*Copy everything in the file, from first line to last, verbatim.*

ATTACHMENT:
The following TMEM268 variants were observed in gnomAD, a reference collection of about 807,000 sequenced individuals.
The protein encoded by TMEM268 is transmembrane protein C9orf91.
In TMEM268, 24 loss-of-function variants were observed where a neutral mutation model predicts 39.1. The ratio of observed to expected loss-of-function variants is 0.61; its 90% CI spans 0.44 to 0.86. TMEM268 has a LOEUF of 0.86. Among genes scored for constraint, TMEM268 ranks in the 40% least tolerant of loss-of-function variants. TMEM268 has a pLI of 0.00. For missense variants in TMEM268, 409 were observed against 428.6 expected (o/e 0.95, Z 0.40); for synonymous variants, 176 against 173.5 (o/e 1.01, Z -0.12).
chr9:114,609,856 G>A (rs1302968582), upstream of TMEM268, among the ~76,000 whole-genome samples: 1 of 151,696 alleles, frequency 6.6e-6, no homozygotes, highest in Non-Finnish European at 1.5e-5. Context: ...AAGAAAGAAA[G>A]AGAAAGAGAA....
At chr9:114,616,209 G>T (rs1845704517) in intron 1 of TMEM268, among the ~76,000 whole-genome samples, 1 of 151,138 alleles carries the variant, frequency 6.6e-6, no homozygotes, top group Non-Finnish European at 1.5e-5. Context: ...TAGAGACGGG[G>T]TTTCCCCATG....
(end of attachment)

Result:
The following TMEM268 variants were observed in gnomAD, a reference collection of about 807,000 sequenced individuals.
The protein encoded by TMEM268 is transmembrane protein C9orf91.
In TMEM268, 24 loss-of-function variants were observed where a neutral mutation model predicts 39.1. The ratio of observed to expected loss-of-function variants is 0.61; its 90% CI spans 0.44 to 0.86. TMEM268 has a LOEUF of 0.86. Among genes scored for constraint, TMEM268 ranks in the 40% least tolerant of loss-of-function variants. TMEM268 has a pLI of 0.00. For missense variants in TMEM268, 409 were observed against 428.6 expected (o/e 0.95, Z 0.40); for synonymous variants, 176 against 173.5 (o/e 1.01, Z -0.12).
chr9:114,609,856 G>A (rs1302968582), upstream of TMEM268, among the ~76,000 whole-genome samples: 1 of 151,696 alleles, frequency 6.6e-6, no homozygotes, highest in Non-Finnish European at 1.5e-5. Context: ...AAGAAAGAAA[G>A]AGAAAGAGAA....
At chr9:114,616,209 G>T (rs1845704517) in intron 1 of TMEM268, among the ~76,000 whole-genome samples, 1 of 151,138 alleles carries the variant, frequency 6.6e-6, no homozygotes, top group Non-Finnish European at 1.5e-5. Context: ...TAGAGACGGG[G>T]TTTCCCCATG....